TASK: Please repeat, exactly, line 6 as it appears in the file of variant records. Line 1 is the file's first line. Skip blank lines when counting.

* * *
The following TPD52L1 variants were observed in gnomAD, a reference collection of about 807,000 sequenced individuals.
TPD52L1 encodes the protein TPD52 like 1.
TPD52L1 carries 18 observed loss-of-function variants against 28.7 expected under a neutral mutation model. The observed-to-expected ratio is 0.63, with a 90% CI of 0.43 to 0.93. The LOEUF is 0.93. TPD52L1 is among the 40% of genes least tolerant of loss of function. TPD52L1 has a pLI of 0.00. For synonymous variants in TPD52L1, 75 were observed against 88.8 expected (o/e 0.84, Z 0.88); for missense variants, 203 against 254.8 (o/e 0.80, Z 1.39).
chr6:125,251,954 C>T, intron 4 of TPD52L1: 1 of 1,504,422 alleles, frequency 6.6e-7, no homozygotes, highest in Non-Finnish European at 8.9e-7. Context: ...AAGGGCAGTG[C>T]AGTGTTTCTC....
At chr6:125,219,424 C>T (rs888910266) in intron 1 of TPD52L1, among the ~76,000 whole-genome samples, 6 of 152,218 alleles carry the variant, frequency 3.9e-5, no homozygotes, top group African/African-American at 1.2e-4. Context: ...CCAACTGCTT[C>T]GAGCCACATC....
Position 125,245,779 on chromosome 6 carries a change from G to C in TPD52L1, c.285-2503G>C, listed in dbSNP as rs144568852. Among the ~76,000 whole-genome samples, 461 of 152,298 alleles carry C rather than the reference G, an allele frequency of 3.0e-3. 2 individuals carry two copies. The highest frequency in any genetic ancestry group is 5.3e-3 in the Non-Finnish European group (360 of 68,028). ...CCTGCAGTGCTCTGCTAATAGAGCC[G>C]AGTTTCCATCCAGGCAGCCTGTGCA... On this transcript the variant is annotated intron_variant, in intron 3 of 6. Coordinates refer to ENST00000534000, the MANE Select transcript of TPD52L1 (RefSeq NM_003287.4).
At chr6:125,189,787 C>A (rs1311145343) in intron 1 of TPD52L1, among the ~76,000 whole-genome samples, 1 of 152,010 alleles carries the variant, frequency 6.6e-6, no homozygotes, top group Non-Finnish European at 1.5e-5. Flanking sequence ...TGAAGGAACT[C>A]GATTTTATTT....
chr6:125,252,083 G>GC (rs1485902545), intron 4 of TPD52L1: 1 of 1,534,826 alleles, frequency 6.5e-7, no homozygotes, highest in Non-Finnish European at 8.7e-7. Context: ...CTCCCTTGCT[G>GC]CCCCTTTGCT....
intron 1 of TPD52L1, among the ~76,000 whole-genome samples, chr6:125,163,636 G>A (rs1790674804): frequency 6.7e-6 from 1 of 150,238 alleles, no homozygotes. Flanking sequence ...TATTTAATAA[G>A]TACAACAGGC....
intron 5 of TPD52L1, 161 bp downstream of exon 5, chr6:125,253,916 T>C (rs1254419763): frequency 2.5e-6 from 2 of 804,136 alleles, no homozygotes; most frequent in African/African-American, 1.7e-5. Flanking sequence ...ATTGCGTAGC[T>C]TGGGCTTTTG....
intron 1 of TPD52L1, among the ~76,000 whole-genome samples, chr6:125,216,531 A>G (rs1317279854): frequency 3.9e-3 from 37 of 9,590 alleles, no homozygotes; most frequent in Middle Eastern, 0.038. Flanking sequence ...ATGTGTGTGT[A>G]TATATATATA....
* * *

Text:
Position 125,245,779 on chromosome 6 carries a change from G to C in TPD52L1, c.285-2503G>C, listed in dbSNP as rs144568852. Among the ~76,000 whole-genome samples, 461 of 152,298 alleles carry C rather than the reference G, an allele frequency of 3.0e-3. 2 individuals carry two copies. The highest frequency in any genetic ancestry group is 5.3e-3 in the Non-Finnish European group (360 of 68,028). ...CCTGCAGTGCTCTGCTAATAGAGCC[G>C]AGTTTCCATCCAGGCAGCCTGTGCA... On this transcript the variant is annotated intron_variant, in intron 3 of 6. Coordinates refer to ENST00000534000, the MANE Select transcript of TPD52L1 (RefSeq NM_003287.4).